Friday, May 9, 2014

Bundy militia may have planned to attack military base

When the standoff between federal agents and militia groups supporting rancher Cliven Bundy ended peacefully a few weeks ago, much of the nation breathed a sigh of relief. It had seemed to many that the situation was likely to end in a modern version of an Old West shootout or worse, a battle on par with the 1993 botched ATF raid on David Koresh’s Branch Davidian compound in Waco, Texas. Now Examiner has learned just how close violence came to erupting in Nevada as an exclusive new report indicates that some of Bundy’s defenders may have planned to raid a U.S. Air Force base to resupply their ammunition.

The information, which comes from a person with contacts inside the militia movement, states that a small number of militia members who refer to themselves as “Three (III) Percenters” had plotted via Facebook chats to raid what one of the militia members identifies as an “ammo dump” on the grounds of the Nellis Air Force Range northwest of Las Vegas. The location that was pinpointed by the plotters has been confirmed by Examiner to be on the outskirts of the Nellis range.

The information provided indicates that the plot was allegedly spearheaded by Richard X. Nelson III, who is connected to several militia groups. The “III” does not signify that Nelson is the third man in his family with the same name, but rather is an appellation to identify him as a Three Percenter. On his Facebook page, Nelson claims to be the “Nevada administrator for the Three Percent Club.”

According to several militia related websites and blogs, “Three Percent” (III%) refers to the percentage of the American colonists who actually fought against the British in the American Revolution. The connotation is that Three Percenters are ready, willing, and in some cases eager to take up arms to fight “for the freedoms the nation we love and honor was founded on.” Many view the federal government as the enemy threatening those freedoms.

A similar group in which Nelson also claims membership is the Oath Keepers (OK), a group for military and police founded by Stewart Rhodes, a former Ron Paul aide. The Oath Keepers, according to its website, is a “nonpartisan association of current and formerly serving military, police and first responders who pledge to fulfill the oath all military and police take to ‘defend the Constitution against all enemies, foreign and domestic.’” The group’s website lists ten orders that members will refuse to obey. Several of these orders relate to conspiracy theories such as imposing martial law, blockading cities to “turn them into giant concentration camps,” forcing Americans into detention camps, and aiding the use of “foreign troops on US soil against the American people.” More realistic scenarios include detaining US citizens as “unlawful enemy combatants” and conducting warrantless searches. The Oath Keeper website further notes that while the OK and the III% are each “unique” and “autonomous,” due to common interests and values “it follows naturally that some Oath Keepers are also III%ers, and vice versa.”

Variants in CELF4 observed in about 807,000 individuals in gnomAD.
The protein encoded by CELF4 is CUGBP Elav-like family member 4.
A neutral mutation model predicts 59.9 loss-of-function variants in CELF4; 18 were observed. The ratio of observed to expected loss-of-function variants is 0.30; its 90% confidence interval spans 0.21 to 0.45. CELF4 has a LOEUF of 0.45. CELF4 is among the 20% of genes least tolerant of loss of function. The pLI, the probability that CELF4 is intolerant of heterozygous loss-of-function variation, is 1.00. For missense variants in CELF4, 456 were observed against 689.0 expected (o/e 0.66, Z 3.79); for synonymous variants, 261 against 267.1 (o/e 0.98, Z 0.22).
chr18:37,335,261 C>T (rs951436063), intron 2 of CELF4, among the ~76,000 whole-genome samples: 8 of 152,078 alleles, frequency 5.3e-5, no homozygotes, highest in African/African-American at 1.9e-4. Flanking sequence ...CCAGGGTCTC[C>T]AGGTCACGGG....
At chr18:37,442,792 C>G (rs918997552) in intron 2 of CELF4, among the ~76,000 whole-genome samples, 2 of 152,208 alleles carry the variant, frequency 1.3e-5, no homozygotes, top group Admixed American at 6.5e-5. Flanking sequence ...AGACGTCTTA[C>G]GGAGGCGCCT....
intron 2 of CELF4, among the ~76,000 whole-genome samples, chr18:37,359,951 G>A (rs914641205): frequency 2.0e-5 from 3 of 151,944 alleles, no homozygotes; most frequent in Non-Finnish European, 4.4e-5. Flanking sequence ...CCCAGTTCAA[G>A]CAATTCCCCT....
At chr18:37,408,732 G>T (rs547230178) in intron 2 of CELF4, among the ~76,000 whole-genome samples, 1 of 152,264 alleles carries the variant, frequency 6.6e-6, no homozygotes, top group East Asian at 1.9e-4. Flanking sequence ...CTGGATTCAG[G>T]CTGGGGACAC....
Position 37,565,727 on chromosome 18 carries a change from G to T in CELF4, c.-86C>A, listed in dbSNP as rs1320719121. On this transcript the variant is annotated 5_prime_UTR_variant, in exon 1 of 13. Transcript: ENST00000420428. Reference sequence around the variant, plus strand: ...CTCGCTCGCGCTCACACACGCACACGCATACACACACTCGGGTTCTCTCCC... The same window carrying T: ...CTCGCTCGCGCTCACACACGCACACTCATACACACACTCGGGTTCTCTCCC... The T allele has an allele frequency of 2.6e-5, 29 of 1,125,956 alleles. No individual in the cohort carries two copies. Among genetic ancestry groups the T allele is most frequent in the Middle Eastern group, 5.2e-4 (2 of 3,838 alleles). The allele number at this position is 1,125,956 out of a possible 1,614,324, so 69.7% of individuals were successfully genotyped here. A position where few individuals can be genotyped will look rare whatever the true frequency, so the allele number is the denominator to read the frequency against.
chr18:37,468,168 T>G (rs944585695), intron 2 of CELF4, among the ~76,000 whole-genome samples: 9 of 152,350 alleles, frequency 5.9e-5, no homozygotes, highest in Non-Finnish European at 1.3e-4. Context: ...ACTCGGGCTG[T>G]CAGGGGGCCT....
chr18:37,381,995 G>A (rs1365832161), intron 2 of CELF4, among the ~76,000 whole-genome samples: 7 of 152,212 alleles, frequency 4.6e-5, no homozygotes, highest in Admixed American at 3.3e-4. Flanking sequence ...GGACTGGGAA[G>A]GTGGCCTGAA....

In online conversations that occurred more than a week after the standoff ended on April 12, Nelson can allegedly be seen attempting to convince other members to join in an attack on what he believes is “a secret base that I discovered being built out there in the middle of nowhere that contains a hardened dirt landing strip, 2 [sic] f-117 stealthy [sic] bombers parked in the dirt (really bad for the engines by the way) as well as thre [sic] facilities of very odd design... one of which is a personnel training facility that is clearly shown as such by the track and shooting ranges located near it.”

In one conversation on April 22, a week after the federal retreat from the Bundy ranch, Nelson calls the federal actions equivalent to the first shot of a war being fired and asks, “Since government is firing upon us why is it so [expletive deleted] HARD for me to get a strike force together to go raid ammo dumps?”

Frustrated that other Three Percenters and Oath Keepers are not responding to his calls for action, Nelson threatens to get help from a different militia group, the OMA, in order to carry out the attack. The source identified the OMA as “Operation Mutual Aid” and referred to them as “radicals.” The OMA has been confirmed to be the “support operation” for the Cliven Bundy defense effort.

Another of the militia members in the conversation notes, “OMA is the enemy of all who stand for patriot[ism] and truth. They are the ones wanting a revolution to get bloody and were willing to [t]rick the Bundy's [sic] to get it. They do not care who is sacrificed in order to start a bloody revolution.”